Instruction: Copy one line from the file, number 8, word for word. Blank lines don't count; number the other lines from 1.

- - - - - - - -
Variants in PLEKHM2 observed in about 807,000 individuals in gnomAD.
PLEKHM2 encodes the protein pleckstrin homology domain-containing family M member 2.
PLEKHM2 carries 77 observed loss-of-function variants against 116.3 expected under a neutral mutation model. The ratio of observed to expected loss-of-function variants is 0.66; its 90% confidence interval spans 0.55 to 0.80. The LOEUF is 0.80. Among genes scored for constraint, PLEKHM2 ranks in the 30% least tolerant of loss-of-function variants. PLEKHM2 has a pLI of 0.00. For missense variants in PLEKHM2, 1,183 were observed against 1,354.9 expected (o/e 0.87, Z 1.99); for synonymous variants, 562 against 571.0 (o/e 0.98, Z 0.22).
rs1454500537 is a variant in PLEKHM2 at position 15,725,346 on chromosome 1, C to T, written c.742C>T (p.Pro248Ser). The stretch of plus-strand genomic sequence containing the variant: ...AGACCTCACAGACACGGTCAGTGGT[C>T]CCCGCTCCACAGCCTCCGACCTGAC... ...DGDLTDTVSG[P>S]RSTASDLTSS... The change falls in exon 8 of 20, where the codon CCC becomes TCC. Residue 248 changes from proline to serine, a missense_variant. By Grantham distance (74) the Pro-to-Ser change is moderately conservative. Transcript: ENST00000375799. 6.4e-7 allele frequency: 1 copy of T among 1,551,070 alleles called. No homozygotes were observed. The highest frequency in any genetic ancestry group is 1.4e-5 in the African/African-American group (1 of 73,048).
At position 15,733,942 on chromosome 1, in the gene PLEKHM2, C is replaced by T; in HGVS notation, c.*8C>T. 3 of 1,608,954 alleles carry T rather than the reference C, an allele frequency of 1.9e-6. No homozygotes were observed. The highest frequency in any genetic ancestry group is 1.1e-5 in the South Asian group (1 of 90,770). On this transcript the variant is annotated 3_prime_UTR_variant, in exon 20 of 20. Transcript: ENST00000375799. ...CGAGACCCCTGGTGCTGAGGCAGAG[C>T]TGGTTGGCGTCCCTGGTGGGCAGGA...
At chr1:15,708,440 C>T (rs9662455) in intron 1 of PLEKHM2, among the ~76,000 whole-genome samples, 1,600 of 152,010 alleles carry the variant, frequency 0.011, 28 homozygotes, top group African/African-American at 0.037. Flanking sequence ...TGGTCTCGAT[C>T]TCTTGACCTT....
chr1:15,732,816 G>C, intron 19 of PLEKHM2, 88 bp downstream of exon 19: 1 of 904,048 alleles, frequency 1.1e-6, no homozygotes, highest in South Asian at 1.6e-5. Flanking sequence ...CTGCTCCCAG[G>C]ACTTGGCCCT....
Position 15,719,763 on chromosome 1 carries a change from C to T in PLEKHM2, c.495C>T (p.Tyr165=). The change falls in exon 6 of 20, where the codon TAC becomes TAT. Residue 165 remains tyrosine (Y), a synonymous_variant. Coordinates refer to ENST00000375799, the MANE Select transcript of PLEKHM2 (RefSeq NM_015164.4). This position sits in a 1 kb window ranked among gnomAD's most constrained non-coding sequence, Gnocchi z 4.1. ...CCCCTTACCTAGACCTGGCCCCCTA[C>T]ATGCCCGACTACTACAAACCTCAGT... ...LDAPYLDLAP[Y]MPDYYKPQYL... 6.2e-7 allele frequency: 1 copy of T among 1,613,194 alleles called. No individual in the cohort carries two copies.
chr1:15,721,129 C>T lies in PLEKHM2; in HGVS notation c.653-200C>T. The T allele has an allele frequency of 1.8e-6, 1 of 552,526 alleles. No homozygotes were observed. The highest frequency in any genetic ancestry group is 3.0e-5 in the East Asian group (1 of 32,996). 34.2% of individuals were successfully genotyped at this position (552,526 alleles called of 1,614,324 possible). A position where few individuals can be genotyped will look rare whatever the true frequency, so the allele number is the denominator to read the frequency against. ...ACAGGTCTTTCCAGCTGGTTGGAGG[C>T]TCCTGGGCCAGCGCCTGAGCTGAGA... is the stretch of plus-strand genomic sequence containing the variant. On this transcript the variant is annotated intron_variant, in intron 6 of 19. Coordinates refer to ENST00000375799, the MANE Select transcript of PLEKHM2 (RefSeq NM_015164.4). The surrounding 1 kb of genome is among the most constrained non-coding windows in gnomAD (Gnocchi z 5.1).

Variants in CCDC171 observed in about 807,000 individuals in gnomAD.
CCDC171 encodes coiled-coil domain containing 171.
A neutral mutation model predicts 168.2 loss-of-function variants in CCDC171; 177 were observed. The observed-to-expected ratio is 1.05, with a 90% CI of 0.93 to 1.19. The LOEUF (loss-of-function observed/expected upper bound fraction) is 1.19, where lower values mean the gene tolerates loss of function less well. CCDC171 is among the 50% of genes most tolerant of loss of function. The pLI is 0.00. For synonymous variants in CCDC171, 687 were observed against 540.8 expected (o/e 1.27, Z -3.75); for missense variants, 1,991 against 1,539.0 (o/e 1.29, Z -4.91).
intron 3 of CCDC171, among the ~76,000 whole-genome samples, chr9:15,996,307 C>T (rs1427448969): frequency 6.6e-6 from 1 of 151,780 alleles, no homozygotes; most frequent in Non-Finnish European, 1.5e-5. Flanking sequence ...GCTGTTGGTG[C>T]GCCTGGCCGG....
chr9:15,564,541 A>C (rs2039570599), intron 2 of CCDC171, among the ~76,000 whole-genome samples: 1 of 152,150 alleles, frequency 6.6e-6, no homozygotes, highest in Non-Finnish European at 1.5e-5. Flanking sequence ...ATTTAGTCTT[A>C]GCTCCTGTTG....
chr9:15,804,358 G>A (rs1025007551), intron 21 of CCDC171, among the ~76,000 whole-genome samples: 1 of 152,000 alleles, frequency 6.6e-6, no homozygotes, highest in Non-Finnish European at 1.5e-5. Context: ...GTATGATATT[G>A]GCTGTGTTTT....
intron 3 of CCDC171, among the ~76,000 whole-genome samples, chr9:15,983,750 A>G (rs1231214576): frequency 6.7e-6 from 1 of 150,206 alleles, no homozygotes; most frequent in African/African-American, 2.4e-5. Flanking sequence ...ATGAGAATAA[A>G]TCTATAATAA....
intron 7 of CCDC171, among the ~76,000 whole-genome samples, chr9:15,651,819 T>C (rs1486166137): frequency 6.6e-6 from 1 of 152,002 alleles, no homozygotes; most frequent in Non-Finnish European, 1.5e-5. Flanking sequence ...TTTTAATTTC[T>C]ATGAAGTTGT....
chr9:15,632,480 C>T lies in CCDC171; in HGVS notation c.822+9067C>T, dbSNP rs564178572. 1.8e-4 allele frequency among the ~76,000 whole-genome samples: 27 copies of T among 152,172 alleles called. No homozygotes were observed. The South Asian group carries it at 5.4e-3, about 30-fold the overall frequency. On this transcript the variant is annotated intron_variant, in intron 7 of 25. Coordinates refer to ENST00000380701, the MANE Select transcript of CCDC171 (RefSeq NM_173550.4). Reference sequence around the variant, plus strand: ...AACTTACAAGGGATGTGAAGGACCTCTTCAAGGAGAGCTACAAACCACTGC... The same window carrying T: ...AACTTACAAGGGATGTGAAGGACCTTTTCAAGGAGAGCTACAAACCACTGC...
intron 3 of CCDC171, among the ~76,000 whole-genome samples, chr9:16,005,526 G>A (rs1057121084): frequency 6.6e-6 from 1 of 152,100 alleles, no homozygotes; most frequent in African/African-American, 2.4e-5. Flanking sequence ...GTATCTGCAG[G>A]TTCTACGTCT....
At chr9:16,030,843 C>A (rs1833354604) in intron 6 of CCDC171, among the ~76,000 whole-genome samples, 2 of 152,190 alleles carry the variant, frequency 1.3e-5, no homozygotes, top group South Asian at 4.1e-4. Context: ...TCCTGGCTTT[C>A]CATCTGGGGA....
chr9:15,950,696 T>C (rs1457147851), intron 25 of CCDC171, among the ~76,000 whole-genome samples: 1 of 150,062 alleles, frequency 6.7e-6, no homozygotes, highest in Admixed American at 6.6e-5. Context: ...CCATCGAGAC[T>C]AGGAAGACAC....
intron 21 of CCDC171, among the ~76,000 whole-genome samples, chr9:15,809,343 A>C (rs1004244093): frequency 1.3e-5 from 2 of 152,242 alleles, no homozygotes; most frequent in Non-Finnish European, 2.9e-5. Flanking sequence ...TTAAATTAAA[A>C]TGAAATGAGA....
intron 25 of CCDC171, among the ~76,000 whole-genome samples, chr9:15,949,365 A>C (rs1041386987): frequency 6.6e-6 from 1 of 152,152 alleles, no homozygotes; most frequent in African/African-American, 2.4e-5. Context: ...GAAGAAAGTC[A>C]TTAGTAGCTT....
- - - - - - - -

Position 15,719,763 on chromosome 1 carries a change from C to T in PLEKHM2, c.495C>T (p.Tyr165=). The change falls in exon 6 of 20, where the codon TAC becomes TAT. Residue 165 remains tyrosine (Y), a synonymous_variant. Coordinates refer to ENST00000375799, the MANE Select transcript of PLEKHM2 (RefSeq NM_015164.4). This position sits in a 1 kb window ranked among gnomAD's most constrained non-coding sequence, Gnocchi z 4.1. ...CCCCTTACCTAGACCTGGCCCCCTA[C>T]ATGCCCGACTACTACAAACCTCAGT... ...LDAPYLDLAP[Y]MPDYYKPQYL... 6.2e-7 allele frequency: 1 copy of T among 1,613,194 alleles called. No individual in the cohort carries two copies.